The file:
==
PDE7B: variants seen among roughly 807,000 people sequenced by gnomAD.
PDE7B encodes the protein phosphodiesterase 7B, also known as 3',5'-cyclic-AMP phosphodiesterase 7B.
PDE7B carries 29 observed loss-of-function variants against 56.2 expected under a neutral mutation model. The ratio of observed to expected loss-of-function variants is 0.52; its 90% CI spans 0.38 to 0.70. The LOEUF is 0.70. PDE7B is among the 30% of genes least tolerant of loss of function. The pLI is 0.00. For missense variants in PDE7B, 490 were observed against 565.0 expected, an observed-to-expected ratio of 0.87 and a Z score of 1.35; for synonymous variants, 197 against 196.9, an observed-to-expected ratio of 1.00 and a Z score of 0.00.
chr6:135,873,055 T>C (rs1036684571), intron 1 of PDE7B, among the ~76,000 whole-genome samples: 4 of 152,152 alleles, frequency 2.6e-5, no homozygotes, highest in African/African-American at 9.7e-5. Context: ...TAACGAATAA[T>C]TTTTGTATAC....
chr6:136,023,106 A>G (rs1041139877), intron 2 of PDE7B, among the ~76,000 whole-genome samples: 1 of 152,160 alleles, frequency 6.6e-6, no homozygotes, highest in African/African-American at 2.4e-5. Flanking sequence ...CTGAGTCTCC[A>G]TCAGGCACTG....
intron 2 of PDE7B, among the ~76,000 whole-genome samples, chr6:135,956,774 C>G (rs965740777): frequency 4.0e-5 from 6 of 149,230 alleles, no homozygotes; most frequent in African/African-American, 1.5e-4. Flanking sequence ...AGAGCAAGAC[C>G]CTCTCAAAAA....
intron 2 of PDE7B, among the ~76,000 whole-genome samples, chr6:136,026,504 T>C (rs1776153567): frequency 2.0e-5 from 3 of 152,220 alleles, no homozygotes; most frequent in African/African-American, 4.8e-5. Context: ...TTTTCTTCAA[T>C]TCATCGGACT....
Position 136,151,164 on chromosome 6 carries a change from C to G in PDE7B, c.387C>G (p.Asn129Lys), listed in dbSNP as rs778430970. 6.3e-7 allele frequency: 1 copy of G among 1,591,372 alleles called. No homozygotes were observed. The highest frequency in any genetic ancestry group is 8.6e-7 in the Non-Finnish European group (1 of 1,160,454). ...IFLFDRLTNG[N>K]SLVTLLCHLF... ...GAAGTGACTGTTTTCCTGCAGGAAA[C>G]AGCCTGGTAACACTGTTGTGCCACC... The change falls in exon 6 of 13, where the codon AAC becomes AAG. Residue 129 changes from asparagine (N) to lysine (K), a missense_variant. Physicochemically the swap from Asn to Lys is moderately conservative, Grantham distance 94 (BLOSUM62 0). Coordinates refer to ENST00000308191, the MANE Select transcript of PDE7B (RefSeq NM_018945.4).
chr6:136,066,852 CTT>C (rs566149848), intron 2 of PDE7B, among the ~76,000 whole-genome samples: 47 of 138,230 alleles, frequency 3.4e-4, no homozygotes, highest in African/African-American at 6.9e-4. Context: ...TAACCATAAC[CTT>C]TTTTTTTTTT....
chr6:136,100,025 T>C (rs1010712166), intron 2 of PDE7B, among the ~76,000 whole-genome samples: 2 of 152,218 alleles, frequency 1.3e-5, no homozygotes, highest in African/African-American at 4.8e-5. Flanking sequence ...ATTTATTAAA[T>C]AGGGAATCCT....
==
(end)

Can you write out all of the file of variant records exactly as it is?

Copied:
PDE7B: variants seen among roughly 807,000 people sequenced by gnomAD.
PDE7B encodes the protein phosphodiesterase 7B, also known as 3',5'-cyclic-AMP phosphodiesterase 7B.
PDE7B carries 29 observed loss-of-function variants against 56.2 expected under a neutral mutation model. The ratio of observed to expected loss-of-function variants is 0.52; its 90% CI spans 0.38 to 0.70. The LOEUF is 0.70. PDE7B is among the 30% of genes least tolerant of loss of function. The pLI is 0.00. For missense variants in PDE7B, 490 were observed against 565.0 expected, an observed-to-expected ratio of 0.87 and a Z score of 1.35; for synonymous variants, 197 against 196.9, an observed-to-expected ratio of 1.00 and a Z score of 0.00.
chr6:135,873,055 T>C (rs1036684571), intron 1 of PDE7B, among the ~76,000 whole-genome samples: 4 of 152,152 alleles, frequency 2.6e-5, no homozygotes, highest in African/African-American at 9.7e-5. Context: ...TAACGAATAA[T>C]TTTTGTATAC....
chr6:136,023,106 A>G (rs1041139877), intron 2 of PDE7B, among the ~76,000 whole-genome samples: 1 of 152,160 alleles, frequency 6.6e-6, no homozygotes, highest in African/African-American at 2.4e-5. Flanking sequence ...CTGAGTCTCC[A>G]TCAGGCACTG....
intron 2 of PDE7B, among the ~76,000 whole-genome samples, chr6:135,956,774 C>G (rs965740777): frequency 4.0e-5 from 6 of 149,230 alleles, no homozygotes; most frequent in African/African-American, 1.5e-4. Flanking sequence ...AGAGCAAGAC[C>G]CTCTCAAAAA....
intron 2 of PDE7B, among the ~76,000 whole-genome samples, chr6:136,026,504 T>C (rs1776153567): frequency 2.0e-5 from 3 of 152,220 alleles, no homozygotes; most frequent in African/African-American, 4.8e-5. Context: ...TTTTCTTCAA[T>C]TCATCGGACT....
Position 136,151,164 on chromosome 6 carries a change from C to G in PDE7B, c.387C>G (p.Asn129Lys), listed in dbSNP as rs778430970. 6.3e-7 allele frequency: 1 copy of G among 1,591,372 alleles called. No homozygotes were observed. The highest frequency in any genetic ancestry group is 8.6e-7 in the Non-Finnish European group (1 of 1,160,454). ...IFLFDRLTNG[N>K]SLVTLLCHLF... ...GAAGTGACTGTTTTCCTGCAGGAAA[C>G]AGCCTGGTAACACTGTTGTGCCACC... The change falls in exon 6 of 13, where the codon AAC becomes AAG. Residue 129 changes from asparagine (N) to lysine (K), a missense_variant. Physicochemically the swap from Asn to Lys is moderately conservative, Grantham distance 94 (BLOSUM62 0). Coordinates refer to ENST00000308191, the MANE Select transcript of PDE7B (RefSeq NM_018945.4).
chr6:136,066,852 CTT>C (rs566149848), intron 2 of PDE7B, among the ~76,000 whole-genome samples: 47 of 138,230 alleles, frequency 3.4e-4, no homozygotes, highest in African/African-American at 6.9e-4. Context: ...TAACCATAAC[CTT>C]TTTTTTTTTT....
chr6:136,100,025 T>C (rs1010712166), intron 2 of PDE7B, among the ~76,000 whole-genome samples: 2 of 152,218 alleles, frequency 1.3e-5, no homozygotes, highest in African/African-American at 4.8e-5. Flanking sequence ...ATTTATTAAA[T>C]AGGGAATCCT....